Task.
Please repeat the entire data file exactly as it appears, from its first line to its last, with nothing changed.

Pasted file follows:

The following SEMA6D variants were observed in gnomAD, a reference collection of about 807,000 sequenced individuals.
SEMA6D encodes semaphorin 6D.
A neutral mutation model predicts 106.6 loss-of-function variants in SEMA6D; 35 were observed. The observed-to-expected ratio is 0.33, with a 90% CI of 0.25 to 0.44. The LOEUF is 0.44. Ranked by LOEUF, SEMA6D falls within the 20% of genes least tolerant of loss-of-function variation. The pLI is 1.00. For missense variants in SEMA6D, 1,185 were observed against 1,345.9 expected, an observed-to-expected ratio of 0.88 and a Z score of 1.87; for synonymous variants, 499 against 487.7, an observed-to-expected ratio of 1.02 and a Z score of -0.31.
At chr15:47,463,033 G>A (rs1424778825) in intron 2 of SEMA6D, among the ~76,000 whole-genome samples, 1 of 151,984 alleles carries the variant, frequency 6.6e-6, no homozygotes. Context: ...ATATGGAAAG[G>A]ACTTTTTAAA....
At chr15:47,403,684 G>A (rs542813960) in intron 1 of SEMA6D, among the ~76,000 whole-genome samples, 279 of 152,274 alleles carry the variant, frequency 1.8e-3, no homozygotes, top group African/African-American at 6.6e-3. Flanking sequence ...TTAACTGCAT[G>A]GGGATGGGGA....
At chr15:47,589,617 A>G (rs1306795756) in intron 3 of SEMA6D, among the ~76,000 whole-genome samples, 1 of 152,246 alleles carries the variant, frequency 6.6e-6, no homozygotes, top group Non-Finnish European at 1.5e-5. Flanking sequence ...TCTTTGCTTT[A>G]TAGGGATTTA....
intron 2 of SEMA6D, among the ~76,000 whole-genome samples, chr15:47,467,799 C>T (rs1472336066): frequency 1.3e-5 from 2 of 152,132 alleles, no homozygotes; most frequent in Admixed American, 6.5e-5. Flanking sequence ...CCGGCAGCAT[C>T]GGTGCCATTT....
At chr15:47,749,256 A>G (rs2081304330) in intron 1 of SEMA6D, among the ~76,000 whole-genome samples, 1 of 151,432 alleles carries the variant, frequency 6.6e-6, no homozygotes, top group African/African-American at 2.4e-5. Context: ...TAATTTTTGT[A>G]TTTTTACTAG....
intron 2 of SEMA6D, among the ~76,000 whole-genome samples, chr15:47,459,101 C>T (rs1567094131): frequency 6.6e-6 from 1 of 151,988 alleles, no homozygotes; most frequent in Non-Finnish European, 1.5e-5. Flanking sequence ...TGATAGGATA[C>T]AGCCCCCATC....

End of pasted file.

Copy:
The following SEMA6D variants were observed in gnomAD, a reference collection of about 807,000 sequenced individuals.
SEMA6D encodes semaphorin 6D.
A neutral mutation model predicts 106.6 loss-of-function variants in SEMA6D; 35 were observed. The observed-to-expected ratio is 0.33, with a 90% CI of 0.25 to 0.44. The LOEUF is 0.44. Ranked by LOEUF, SEMA6D falls within the 20% of genes least tolerant of loss-of-function variation. The pLI is 1.00. For missense variants in SEMA6D, 1,185 were observed against 1,345.9 expected, an observed-to-expected ratio of 0.88 and a Z score of 1.87; for synonymous variants, 499 against 487.7, an observed-to-expected ratio of 1.02 and a Z score of -0.31.
At chr15:47,463,033 G>A (rs1424778825) in intron 2 of SEMA6D, among the ~76,000 whole-genome samples, 1 of 151,984 alleles carries the variant, frequency 6.6e-6, no homozygotes. Context: ...ATATGGAAAG[G>A]ACTTTTTAAA....
At chr15:47,403,684 G>A (rs542813960) in intron 1 of SEMA6D, among the ~76,000 whole-genome samples, 279 of 152,274 alleles carry the variant, frequency 1.8e-3, no homozygotes, top group African/African-American at 6.6e-3. Flanking sequence ...TTAACTGCAT[G>A]GGGATGGGGA....
At chr15:47,589,617 A>G (rs1306795756) in intron 3 of SEMA6D, among the ~76,000 whole-genome samples, 1 of 152,246 alleles carries the variant, frequency 6.6e-6, no homozygotes, top group Non-Finnish European at 1.5e-5. Flanking sequence ...TCTTTGCTTT[A>G]TAGGGATTTA....
intron 2 of SEMA6D, among the ~76,000 whole-genome samples, chr15:47,467,799 C>T (rs1472336066): frequency 1.3e-5 from 2 of 152,132 alleles, no homozygotes; most frequent in Admixed American, 6.5e-5. Flanking sequence ...CCGGCAGCAT[C>T]GGTGCCATTT....
At chr15:47,749,256 A>G (rs2081304330) in intron 1 of SEMA6D, among the ~76,000 whole-genome samples, 1 of 151,432 alleles carries the variant, frequency 6.6e-6, no homozygotes, top group African/African-American at 2.4e-5. Context: ...TAATTTTTGT[A>G]TTTTTACTAG....
intron 2 of SEMA6D, among the ~76,000 whole-genome samples, chr15:47,459,101 C>T (rs1567094131): frequency 6.6e-6 from 1 of 151,988 alleles, no homozygotes; most frequent in Non-Finnish European, 1.5e-5. Flanking sequence ...TGATAGGATA[C>T]AGCCCCCATC....